Friday, 22 August 2014

The Newlands Round

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Route: Little Town, The Vicarage, Skelgill Bank, Catbells, Mart Bield, Hause Gate, Bull Crag, Maiden Moor, Narrow Moor, Minum Crag, High Spy, Wilson's Bield, Dalehead Tarn, Dalehead Crags, Dale Head, Hindscarth Edge, Hindscarth, Littledale Edge, Robinson, Hackney Holes, Buttermere Moss, Moss Force, Newlands Hause, Knott Rigg, Ill Crags, Ard Crags, Aikin Knott, Birk Rigg, Gillbrow, Little Town

Date: 22/08/2014
From: Little Town

Parking: Car park near Little Town
Start Point: Little Town
Region: North Western Fells

Route length: 12.1 miles (19.4 km)
Time taken: 06:29
Average speed: 1.9 mph
Ascent: 1461m
Descent: 1465m

Wainwrights on this walk:
Catbells (451m), Maiden Moor (576m), High Spy (653m), Dale Head (753m), Hindscarth (727m), Robinson (737m), Knott Rigg (556m), Ard Crags (581m)

Additional summits: Ill Crag (Knott Rigg) (546m)

Other points of interest: Moss Force

I'd been eyeing up this walk for a long time, a couple of years at least, waiting for the perfect opportunity to savour the beauty of what is widely regarded as one of the most impressive areas of the Lake District - the Newlands Valley (part of the Derwent Fells). While not containing many truly towering peaks, any lack of height is easily overlooked by the sheer variety of shapely mountain profiles; where slender, airy ridges rub shoulders with burly crags and magnificent glacial valleys. I'd been told (or read) that Newlands MUST be saved for a clear day which we found towards the end of August.

The Newlands Round, as suggested by most authors, is a circular walk that takes in the fells of Catbells, Maiden Moor, High Spy, Dale Head, Hindscarth and Robinson. Not bad for a days work, however, we decided to add both Knott Rigg and Ard Crags to avoid them becoming a pair isolated 'must do later' type of fell. With this in mind, we parked near to Little Town, part way between the feet of Ard Crags and Catbells, our starting fell.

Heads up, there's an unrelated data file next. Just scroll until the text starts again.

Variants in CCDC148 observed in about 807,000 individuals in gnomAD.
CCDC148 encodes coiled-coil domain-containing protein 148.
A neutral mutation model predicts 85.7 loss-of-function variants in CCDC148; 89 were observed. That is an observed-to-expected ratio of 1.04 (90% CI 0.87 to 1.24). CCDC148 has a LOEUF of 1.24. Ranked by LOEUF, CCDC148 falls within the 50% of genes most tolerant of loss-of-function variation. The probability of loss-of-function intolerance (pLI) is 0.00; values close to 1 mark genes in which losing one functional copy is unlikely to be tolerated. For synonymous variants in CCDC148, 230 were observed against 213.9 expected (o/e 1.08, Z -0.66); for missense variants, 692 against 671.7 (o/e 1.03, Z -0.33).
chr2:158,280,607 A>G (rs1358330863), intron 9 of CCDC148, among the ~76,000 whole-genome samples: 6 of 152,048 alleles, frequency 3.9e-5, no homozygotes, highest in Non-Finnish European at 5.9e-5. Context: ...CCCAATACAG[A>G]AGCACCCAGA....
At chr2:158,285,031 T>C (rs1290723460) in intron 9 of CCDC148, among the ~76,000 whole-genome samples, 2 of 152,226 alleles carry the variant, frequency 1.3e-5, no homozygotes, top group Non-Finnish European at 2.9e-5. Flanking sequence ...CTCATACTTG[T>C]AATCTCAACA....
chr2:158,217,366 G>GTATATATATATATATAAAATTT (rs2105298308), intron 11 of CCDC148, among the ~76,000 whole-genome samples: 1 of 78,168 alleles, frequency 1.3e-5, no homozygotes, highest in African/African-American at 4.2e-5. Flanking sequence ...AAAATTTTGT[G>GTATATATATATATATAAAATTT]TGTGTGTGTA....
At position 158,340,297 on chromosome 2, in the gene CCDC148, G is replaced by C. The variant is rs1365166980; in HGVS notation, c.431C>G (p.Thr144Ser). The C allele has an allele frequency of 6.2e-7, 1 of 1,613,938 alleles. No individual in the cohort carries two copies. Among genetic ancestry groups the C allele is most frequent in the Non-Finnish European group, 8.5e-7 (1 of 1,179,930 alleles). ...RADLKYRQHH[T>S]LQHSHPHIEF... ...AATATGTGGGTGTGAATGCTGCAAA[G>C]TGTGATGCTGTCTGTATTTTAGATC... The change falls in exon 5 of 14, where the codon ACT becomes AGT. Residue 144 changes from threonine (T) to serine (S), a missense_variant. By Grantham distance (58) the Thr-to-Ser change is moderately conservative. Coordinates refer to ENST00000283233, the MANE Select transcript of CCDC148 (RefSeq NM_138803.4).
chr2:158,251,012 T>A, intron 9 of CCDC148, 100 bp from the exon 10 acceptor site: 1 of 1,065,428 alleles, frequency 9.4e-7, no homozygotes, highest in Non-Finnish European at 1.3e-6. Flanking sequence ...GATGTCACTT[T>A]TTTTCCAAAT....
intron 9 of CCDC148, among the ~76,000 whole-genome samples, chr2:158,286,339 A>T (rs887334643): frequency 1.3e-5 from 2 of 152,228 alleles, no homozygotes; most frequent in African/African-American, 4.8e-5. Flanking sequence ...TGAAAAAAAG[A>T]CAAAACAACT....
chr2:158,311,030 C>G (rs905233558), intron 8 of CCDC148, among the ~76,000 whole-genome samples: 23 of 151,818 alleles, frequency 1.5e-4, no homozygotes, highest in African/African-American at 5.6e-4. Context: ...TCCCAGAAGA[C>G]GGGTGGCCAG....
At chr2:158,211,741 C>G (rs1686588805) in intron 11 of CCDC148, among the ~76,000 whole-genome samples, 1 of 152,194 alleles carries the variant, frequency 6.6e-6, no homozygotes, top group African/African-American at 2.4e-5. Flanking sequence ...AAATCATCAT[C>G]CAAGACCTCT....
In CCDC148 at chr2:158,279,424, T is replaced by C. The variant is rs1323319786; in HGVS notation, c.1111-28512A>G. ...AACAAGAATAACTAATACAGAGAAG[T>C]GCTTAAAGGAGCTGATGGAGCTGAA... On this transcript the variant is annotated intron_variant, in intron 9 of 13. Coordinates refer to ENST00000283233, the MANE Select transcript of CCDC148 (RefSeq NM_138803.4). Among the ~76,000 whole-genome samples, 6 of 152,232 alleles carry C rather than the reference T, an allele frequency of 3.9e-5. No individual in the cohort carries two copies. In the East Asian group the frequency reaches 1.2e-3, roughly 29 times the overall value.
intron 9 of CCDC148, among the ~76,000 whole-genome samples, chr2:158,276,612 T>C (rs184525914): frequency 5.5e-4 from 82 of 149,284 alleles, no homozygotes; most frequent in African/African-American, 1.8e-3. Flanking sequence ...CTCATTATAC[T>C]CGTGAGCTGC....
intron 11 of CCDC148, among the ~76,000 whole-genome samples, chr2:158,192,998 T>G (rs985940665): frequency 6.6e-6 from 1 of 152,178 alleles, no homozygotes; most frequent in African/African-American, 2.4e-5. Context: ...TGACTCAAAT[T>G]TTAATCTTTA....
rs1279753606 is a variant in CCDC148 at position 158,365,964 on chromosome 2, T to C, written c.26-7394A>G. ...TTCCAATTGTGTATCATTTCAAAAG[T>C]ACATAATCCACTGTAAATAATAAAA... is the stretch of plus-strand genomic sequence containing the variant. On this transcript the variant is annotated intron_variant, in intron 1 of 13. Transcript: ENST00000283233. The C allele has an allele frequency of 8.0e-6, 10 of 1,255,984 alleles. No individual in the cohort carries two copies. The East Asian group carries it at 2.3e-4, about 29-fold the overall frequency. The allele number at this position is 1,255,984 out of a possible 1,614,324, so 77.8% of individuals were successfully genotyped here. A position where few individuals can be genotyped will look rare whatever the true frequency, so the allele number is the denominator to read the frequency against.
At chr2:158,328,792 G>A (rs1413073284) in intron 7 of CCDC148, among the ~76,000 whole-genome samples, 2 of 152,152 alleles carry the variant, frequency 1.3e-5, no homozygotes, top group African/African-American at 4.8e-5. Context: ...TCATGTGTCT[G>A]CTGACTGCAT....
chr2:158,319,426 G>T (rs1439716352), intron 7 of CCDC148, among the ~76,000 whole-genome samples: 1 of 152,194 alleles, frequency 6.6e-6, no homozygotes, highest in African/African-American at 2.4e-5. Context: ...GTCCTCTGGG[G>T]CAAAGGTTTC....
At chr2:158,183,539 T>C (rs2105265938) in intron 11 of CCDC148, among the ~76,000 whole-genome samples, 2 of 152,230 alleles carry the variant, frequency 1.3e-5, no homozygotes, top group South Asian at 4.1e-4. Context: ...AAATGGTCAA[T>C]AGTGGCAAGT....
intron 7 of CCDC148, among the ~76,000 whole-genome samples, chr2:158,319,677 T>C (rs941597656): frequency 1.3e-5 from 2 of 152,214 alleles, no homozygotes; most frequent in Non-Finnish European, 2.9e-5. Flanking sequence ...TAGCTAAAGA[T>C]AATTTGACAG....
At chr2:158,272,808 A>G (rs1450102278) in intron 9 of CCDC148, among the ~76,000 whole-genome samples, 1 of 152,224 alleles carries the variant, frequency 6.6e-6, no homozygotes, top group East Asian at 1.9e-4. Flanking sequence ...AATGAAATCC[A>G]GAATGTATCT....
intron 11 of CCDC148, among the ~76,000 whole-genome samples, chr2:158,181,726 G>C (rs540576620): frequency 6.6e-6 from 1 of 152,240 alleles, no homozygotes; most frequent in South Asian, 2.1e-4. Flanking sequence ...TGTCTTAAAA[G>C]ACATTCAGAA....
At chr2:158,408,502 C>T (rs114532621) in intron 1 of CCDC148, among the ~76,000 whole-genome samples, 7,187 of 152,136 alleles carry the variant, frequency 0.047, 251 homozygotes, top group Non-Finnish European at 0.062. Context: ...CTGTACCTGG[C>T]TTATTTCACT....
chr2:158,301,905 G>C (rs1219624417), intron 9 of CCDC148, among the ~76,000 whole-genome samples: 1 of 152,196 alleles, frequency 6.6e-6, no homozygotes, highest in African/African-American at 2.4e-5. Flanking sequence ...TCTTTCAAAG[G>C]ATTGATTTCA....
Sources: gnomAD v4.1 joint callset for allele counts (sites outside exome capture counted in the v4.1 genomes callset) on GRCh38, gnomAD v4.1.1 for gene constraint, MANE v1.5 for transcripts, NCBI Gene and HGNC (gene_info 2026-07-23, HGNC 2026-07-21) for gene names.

After a brief stroll along the route between Little Town and Catbells, the path reaches the slopes of the aforementioned fell before making its way steeply up through the bracken to the small col between Brandelhow and Catbells' summit. Already, the day was shaping up to be a good one as the views across the Derwent Fells (those surrounding Newlands and Keskadale) are simply breathtaking. To the benefit of the reader, I also happened to have my grown-up SLR camera with me on this day, owing to some technical shenanigans being played by my usual walking camera. Though a bit bulky it was definitely worth carting it around for the day.
Newlands already shaping up to be a good one - Hindscarth and Robinson